Asking if an applicant has ever been the subject of "formal disciplinary action" at any healthcare institution is rather vague.
A version of this article was first published August 10, 2020, by HCPro's Credentialing Resource Center, a sibling publication to HealthLeaders.
Failure to craft clear, targeted, and meaningful questions is one of the top pitfalls in credentialing. Although it’s difficult to pose questions that cover any and all conceivable disclosure situations, organizations should be as thorough as possible.
For example, asking if an applicant has ever been the subject of “formal disciplinary action” at any healthcare institution is rather vague.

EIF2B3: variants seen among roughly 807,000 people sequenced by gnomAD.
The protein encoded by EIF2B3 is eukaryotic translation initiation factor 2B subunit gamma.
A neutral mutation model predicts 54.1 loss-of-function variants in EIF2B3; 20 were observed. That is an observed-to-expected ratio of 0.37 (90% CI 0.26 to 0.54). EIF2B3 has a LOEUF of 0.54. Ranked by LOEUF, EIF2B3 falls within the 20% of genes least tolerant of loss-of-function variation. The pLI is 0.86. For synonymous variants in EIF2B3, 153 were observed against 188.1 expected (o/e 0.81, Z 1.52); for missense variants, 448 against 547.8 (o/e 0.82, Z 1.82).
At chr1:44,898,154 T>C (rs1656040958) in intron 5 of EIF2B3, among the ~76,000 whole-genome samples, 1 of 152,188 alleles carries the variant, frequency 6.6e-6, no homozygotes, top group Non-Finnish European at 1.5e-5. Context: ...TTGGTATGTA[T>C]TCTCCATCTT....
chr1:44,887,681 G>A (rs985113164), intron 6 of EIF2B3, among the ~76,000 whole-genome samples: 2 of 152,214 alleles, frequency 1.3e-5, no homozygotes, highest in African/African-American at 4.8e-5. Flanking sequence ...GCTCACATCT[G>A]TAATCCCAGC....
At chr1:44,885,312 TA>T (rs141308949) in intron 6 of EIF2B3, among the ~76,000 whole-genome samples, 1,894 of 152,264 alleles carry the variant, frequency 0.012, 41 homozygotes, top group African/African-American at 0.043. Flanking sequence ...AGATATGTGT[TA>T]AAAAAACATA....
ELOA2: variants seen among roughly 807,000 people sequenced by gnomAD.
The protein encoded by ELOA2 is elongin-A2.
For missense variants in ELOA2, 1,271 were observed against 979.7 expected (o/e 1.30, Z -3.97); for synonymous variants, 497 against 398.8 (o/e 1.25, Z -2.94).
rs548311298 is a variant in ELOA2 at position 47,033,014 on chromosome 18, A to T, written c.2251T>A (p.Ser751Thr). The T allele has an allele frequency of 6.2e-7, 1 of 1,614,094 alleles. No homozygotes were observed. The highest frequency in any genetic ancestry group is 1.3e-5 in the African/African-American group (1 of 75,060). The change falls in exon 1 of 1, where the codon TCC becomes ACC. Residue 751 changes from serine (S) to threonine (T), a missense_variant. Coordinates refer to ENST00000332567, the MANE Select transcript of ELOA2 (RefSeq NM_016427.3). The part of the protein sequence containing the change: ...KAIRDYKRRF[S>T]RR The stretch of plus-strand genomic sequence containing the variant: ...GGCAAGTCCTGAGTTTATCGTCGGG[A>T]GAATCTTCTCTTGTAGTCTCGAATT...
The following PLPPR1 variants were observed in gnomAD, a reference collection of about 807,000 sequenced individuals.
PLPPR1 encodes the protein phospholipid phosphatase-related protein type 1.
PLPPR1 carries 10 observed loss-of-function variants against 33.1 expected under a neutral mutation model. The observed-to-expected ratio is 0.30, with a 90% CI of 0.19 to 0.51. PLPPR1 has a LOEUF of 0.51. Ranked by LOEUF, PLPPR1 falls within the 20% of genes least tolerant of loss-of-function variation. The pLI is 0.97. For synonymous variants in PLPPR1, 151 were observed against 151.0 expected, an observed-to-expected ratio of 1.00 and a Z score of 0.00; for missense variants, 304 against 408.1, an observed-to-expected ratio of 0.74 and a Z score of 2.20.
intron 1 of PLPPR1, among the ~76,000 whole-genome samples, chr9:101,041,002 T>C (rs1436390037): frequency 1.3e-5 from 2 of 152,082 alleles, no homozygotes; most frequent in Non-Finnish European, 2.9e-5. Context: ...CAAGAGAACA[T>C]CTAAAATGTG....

The applicant may not consider certain significant actions to be formal disciplinary action, and, therefore, based on the question’s wording, he or she may not disclose pertinent information.
Perhaps this applicant was under investigation or had numerous incident reports filed against him or her that were handled at the department level through collegial intervention.
Because these actions are not considered formal corrective or disciplinary action through the medical executive committee, the applicant may not feel that he or she needs to disclose the incidents.
The applicant would be much likelier to share this information, however, if the question instead reads as follows:
“Have you ever been the subject of current, former, or pending complaints; the subject of a current or pending investigation or formal review; or placed on probation, suspended, reprimanded, or received any other type of disciplinary or corrective action?”
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